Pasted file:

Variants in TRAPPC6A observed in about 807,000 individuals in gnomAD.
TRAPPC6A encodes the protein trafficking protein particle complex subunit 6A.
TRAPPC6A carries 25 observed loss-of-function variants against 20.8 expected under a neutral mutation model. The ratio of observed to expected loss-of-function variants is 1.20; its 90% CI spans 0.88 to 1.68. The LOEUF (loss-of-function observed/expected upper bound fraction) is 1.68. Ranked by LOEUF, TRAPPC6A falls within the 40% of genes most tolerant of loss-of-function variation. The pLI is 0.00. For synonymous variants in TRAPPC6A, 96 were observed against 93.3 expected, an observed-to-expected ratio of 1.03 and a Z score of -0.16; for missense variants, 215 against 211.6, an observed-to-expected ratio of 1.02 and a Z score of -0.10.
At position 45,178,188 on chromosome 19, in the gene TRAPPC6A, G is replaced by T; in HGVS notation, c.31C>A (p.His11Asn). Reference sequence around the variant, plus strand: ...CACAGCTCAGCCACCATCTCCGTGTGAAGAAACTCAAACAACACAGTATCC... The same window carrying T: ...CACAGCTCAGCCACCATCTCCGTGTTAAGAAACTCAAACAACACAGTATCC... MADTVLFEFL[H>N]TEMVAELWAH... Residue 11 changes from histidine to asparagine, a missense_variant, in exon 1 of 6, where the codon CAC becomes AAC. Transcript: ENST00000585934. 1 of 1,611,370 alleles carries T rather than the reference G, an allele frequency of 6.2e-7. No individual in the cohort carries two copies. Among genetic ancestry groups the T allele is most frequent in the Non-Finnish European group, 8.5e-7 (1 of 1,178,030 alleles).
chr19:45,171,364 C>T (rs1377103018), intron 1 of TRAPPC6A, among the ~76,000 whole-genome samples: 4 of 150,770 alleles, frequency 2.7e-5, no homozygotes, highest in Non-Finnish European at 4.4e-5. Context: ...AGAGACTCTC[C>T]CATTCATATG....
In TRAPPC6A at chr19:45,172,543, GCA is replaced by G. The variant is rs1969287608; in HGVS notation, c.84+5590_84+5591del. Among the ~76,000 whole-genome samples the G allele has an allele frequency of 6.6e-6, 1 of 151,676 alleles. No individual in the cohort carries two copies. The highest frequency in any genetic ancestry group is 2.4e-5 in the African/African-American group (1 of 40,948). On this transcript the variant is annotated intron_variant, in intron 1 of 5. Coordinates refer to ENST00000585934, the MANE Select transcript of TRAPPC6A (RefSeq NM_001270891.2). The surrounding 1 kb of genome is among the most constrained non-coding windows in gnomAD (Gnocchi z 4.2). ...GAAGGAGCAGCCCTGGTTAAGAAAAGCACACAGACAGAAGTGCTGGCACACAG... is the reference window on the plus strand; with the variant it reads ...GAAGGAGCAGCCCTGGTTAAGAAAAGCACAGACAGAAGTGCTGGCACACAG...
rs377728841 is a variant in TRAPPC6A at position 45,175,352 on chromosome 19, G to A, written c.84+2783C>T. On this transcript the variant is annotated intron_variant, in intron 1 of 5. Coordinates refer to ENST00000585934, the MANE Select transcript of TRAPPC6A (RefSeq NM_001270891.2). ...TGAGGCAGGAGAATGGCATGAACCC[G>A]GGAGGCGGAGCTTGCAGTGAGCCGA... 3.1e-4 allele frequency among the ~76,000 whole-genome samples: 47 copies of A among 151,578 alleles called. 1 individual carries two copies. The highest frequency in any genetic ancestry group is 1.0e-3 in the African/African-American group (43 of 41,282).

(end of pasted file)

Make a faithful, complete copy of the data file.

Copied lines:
Variants in TRAPPC6A observed in about 807,000 individuals in gnomAD.
TRAPPC6A encodes the protein trafficking protein particle complex subunit 6A.
TRAPPC6A carries 25 observed loss-of-function variants against 20.8 expected under a neutral mutation model. The ratio of observed to expected loss-of-function variants is 1.20; its 90% CI spans 0.88 to 1.68. The LOEUF (loss-of-function observed/expected upper bound fraction) is 1.68. Ranked by LOEUF, TRAPPC6A falls within the 40% of genes most tolerant of loss-of-function variation. The pLI is 0.00. For synonymous variants in TRAPPC6A, 96 were observed against 93.3 expected, an observed-to-expected ratio of 1.03 and a Z score of -0.16; for missense variants, 215 against 211.6, an observed-to-expected ratio of 1.02 and a Z score of -0.10.
At position 45,178,188 on chromosome 19, in the gene TRAPPC6A, G is replaced by T; in HGVS notation, c.31C>A (p.His11Asn). Reference sequence around the variant, plus strand: ...CACAGCTCAGCCACCATCTCCGTGTGAAGAAACTCAAACAACACAGTATCC... The same window carrying T: ...CACAGCTCAGCCACCATCTCCGTGTTAAGAAACTCAAACAACACAGTATCC... MADTVLFEFL[H>N]TEMVAELWAH... Residue 11 changes from histidine to asparagine, a missense_variant, in exon 1 of 6, where the codon CAC becomes AAC. Transcript: ENST00000585934. 1 of 1,611,370 alleles carries T rather than the reference G, an allele frequency of 6.2e-7. No individual in the cohort carries two copies. Among genetic ancestry groups the T allele is most frequent in the Non-Finnish European group, 8.5e-7 (1 of 1,178,030 alleles).
chr19:45,171,364 C>T (rs1377103018), intron 1 of TRAPPC6A, among the ~76,000 whole-genome samples: 4 of 150,770 alleles, frequency 2.7e-5, no homozygotes, highest in Non-Finnish European at 4.4e-5. Context: ...AGAGACTCTC[C>T]CATTCATATG....
In TRAPPC6A at chr19:45,172,543, GCA is replaced by G. The variant is rs1969287608; in HGVS notation, c.84+5590_84+5591del. Among the ~76,000 whole-genome samples the G allele has an allele frequency of 6.6e-6, 1 of 151,676 alleles. No individual in the cohort carries two copies. The highest frequency in any genetic ancestry group is 2.4e-5 in the African/African-American group (1 of 40,948). On this transcript the variant is annotated intron_variant, in intron 1 of 5. Coordinates refer to ENST00000585934, the MANE Select transcript of TRAPPC6A (RefSeq NM_001270891.2). The surrounding 1 kb of genome is among the most constrained non-coding windows in gnomAD (Gnocchi z 4.2). ...GAAGGAGCAGCCCTGGTTAAGAAAAGCACACAGACAGAAGTGCTGGCACACAG... is the reference window on the plus strand; with the variant it reads ...GAAGGAGCAGCCCTGGTTAAGAAAAGCACAGACAGAAGTGCTGGCACACAG...
rs377728841 is a variant in TRAPPC6A at position 45,175,352 on chromosome 19, G to A, written c.84+2783C>T. On this transcript the variant is annotated intron_variant, in intron 1 of 5. Coordinates refer to ENST00000585934, the MANE Select transcript of TRAPPC6A (RefSeq NM_001270891.2). ...TGAGGCAGGAGAATGGCATGAACCC[G>A]GGAGGCGGAGCTTGCAGTGAGCCGA... 3.1e-4 allele frequency among the ~76,000 whole-genome samples: 47 copies of A among 151,578 alleles called. 1 individual carries two copies. The highest frequency in any genetic ancestry group is 1.0e-3 in the African/African-American group (43 of 41,282).